The Joint Admission and Matriculation Board (JAMB) recently released its 2019 cutoff points for admission into tertiary institutions in the country. The Board, in consultation with tertiary institutions, pegged the cutoff for public universities at 160 or 40% of the available marks in the Unified Tertiary Matriculation Examinations. For private universities, 120 or 30% has been declared sufficient by JAMB.

What is most concerning is that the Board decided that scoring 25% in UTME is sufficient for admission into colleges of education, where the future teachers of public and low-cost private schools are trained. Since the children of heads of JAMB and the tertiary institutions seldom, if ever, patronise these public schools, it seems they could not be bothered by the danger the extremely low cutoff poses to the education system.

The arguments I have seen put forward in support of this low cutoff are untenable. According to JAMB itself in 2018 when this issue first came up, the low cutoff was at the insistence of some of the tertiary institutions who were struggling to attract students. Instead of working on factors responsible for their lack of popularity among candidates they would rather continue to lower the bar ad infinitum just to attract students. And instead of JAMB to insist on a more meaningful standard, the body has thrown its weight behind the efforts to plunge the education system further into the abyss of mediocrity.

It is worrying that JAMB has tried to absolve itself of responsibility to set the standards for admission but the act setting up the board was clear on the mandate of the body which remains “determining matriculation requirements and conducting examinations leading to undergraduate admission…” It is the duty of JAMB to insist on decent matriculation requirements, and to ensure compliance by all parties. Therefore, the argument that it is expedient to have lower cutoff because institutions were in recent past admitting students with low, unapproved cutoff is unacceptable. It would be absurd for the Federal Road Safety Corps to legalise drunk driving because some drivers are already driving while drunk.

Apart from the quality issue, this low cutoff portends for the education system, it also creates an illusion of oversubscription of our institution, an illusion that has been used to justify government’s decision to create more public institutions instead of investing in improving existing ones. If it is true, as the JAMB registrar argued last year, that some programmes in public universities are struggling to attract candidates, then I would argue for scrapping these courses in some of the universities offering them. Say Physics is consistently struggling to attract candidates who score 200 and above in JAMB, then stakeholders should work towards reducing the number of public universities that currently offer Physics. The resources saved from scrapping the programme can go to strengthening other programmes that are indeed oversubscribed in these schools. This also saves the government the trouble of creating new universities when the existing ones are struggling to attract qualified candidates to many of their programmes.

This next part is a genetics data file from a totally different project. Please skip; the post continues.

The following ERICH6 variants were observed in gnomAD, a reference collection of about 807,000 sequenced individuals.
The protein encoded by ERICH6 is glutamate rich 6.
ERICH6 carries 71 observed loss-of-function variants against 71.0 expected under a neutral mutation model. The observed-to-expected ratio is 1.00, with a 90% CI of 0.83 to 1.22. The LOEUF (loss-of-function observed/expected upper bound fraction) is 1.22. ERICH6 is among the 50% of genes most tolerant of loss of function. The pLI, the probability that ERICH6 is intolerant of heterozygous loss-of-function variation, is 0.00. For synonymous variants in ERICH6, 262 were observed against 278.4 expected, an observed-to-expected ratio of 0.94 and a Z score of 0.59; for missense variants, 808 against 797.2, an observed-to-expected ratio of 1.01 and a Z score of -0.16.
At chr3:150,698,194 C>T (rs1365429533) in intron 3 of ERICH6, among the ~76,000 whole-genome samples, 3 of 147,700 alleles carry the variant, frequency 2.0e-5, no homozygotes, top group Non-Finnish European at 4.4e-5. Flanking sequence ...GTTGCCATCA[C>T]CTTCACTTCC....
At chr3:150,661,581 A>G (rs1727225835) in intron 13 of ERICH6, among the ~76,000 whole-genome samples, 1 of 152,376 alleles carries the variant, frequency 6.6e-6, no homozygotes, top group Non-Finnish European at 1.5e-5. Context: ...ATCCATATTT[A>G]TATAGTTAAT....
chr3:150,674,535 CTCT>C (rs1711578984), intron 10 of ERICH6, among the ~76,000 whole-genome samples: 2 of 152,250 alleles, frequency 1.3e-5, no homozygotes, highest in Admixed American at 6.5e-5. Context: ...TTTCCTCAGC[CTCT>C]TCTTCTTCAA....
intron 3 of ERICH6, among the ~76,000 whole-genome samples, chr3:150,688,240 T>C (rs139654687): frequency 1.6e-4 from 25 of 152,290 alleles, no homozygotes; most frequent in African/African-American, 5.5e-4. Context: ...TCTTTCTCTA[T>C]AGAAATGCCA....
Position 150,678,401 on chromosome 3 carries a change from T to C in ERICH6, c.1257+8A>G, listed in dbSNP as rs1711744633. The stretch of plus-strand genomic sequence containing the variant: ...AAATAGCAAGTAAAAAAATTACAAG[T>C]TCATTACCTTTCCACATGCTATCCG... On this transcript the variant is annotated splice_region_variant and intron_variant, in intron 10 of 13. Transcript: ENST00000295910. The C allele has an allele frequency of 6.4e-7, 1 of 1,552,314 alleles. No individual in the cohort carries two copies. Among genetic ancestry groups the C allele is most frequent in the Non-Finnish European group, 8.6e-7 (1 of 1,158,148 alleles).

Besides disincentivizing hard work and excellence, lower cutoff also opens room admission racketeering. As JAMB itself noted in its report, some institutions exploit the low cutoff to deny admission to high scoring candidates while admitting low scoring candidates. For example, despite being the most subscribed university in the country, the University of Ilorin set some of the lowest cutoff marks for admission. With 86,401 candidates jostling for less than 13,000 admission slots in Ilorin, there is no reason for the university to set the cutoff for many of its courses at 180. If it had set the cutoff at 200, the university would still not be able to offer admission to every qualified applicant.       The cutoff was however set so low precisely because it enabled the institution to “lower the Merit cut-off which allows ‘candidates’ with lower aggregates to come up.” Admission slots are finite; when a candidate with a lower aggregate is given one, most likely a candidate with a higher aggregate has been denied one. 

In 2019, only 427,156 UTME candidates scored 50%, which meant only 56% of the 750,000 available spaces can be filled. JAMB, by lowering the cutoff to 160, tripled the number of ‘qualified’ candidates for public universities. In this artificially created oversubscription, quality candidates inevitably lose out to mediocre candidates. This is clearly a race to the bottom that could be avoided by facing the reality that our basic education system is not producing enough competent candidates for our higher institutions. There are many ways to solve this problem but what we should never do is continue to lower standards in a bid to fill spaces by any means necessary. This cynical approach would not end well for the system.

Sodiq Alabi tweets from @SodiqAlabi1.

The views expressed in this post are those of the author and in no way reflect those of Nigerian Diary